Could you simply reduce your dosage to reduce the risk of cardiovascular disease or psychiatric disorders resulting from ADHD medication?
You should not make any dosage adjustments except in consultation with your physician. If you believe that you may be at risk of side effects because you know that you have a psychiatric or cardiovascular disorder, you should certainly make your physician aware of those symptoms or problems.
Are there complications associated with taking yourself or your child off ADHD medication?
Yes. If a person has ADHD and the medication is effective, then the ADHD symptoms will immediately recur if the medication is discontinued. And we know that ADHD places people at risk of academic, social, behavioral and emotional problems. That's why we treat ADHD in the first place.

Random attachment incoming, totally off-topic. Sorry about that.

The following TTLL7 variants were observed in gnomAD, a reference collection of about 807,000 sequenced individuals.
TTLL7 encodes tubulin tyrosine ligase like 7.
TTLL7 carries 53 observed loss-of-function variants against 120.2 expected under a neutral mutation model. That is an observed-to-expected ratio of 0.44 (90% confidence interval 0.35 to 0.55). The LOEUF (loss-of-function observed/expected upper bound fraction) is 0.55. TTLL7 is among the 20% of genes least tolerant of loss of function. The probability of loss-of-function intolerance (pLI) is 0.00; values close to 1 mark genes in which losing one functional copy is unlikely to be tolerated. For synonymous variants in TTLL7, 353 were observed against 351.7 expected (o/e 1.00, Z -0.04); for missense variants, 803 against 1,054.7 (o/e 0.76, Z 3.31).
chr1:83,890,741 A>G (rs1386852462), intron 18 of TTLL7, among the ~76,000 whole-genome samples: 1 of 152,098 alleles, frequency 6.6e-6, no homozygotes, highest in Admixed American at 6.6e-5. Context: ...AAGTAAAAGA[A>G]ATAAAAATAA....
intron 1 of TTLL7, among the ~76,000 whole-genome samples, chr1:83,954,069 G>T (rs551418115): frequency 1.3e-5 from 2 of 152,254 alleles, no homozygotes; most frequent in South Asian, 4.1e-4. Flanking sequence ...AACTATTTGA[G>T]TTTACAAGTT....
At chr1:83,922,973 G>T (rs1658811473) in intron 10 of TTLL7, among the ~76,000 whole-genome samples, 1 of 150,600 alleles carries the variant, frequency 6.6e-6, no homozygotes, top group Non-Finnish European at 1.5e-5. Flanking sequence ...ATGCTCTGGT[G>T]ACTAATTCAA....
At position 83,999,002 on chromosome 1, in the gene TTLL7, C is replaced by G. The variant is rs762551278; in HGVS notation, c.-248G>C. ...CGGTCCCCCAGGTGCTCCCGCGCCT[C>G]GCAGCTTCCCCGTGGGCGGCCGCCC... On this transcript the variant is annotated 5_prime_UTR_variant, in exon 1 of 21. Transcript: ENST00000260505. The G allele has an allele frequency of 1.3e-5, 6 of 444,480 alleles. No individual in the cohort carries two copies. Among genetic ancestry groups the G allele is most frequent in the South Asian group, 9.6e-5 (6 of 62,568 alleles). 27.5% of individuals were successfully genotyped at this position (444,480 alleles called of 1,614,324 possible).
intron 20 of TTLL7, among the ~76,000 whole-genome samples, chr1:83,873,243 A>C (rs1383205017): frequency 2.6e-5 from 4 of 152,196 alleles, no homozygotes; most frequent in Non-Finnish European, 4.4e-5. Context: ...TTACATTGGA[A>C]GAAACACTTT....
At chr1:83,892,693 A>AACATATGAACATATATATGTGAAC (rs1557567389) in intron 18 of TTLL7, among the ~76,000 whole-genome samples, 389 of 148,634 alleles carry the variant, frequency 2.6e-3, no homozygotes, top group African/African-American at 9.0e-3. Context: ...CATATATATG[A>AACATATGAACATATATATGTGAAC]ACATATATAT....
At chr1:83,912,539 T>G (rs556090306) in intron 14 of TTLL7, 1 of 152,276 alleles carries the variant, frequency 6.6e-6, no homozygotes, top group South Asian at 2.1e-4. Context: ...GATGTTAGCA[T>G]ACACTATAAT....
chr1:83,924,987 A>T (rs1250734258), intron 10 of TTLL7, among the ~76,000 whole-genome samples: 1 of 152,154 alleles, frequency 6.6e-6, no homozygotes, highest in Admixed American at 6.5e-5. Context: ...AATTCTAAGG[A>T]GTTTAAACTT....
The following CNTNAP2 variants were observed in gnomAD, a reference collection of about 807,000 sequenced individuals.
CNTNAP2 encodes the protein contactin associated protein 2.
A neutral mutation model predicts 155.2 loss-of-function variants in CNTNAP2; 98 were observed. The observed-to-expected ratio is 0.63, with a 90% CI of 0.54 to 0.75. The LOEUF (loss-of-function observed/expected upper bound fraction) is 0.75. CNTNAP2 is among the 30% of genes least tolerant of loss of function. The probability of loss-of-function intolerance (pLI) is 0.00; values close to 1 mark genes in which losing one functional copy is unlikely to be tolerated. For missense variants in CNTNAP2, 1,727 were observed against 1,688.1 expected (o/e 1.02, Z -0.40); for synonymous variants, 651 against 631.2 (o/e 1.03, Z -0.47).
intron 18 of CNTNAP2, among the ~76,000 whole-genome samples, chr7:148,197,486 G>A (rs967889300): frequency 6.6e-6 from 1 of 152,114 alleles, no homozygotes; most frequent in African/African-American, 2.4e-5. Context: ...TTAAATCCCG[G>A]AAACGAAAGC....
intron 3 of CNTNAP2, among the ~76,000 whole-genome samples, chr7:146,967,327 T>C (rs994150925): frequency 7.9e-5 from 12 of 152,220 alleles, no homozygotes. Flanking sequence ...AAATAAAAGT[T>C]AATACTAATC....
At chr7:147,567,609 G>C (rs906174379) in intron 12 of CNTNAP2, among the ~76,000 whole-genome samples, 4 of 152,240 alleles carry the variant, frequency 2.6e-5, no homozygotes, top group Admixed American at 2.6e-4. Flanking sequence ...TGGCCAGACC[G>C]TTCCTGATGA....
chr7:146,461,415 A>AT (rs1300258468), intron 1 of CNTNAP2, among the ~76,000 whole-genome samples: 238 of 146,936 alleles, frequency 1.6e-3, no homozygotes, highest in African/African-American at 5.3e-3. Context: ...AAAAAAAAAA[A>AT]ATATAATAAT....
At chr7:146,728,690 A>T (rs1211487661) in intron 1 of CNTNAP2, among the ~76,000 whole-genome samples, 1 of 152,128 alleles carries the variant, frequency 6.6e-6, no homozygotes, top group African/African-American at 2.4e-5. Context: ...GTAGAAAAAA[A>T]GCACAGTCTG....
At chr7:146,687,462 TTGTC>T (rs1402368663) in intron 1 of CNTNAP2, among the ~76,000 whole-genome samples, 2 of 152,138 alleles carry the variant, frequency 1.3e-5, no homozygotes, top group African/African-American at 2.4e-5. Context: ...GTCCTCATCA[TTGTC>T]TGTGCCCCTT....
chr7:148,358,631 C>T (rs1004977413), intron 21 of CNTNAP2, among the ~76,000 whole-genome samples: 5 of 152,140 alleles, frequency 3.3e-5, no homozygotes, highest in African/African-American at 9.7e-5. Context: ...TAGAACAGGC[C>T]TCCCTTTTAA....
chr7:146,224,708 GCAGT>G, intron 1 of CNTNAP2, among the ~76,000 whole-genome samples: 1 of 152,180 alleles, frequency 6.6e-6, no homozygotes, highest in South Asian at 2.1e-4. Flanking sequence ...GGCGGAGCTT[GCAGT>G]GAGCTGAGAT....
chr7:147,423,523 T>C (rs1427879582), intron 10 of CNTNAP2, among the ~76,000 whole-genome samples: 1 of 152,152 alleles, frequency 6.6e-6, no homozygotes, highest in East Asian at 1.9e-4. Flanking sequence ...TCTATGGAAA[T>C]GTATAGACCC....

If you discontinue ADHD medications for yourself or your child, what other treatments are available?
The best long-term research clearly indicates that stimulant treatment is the most effective currently available treatment for individuals who have ADHD.
Behavior modification by changing the environment can be helpful and is also recommended. For example, if you place a child in a less distracting location in the classroom, you reinforce directions, you provide periodic reminders for the child to stay on task — those things help. But if the ADHD symptoms are severe, those things are usually not adequate to allow the child to do well.
Last Updated: 04/20/2006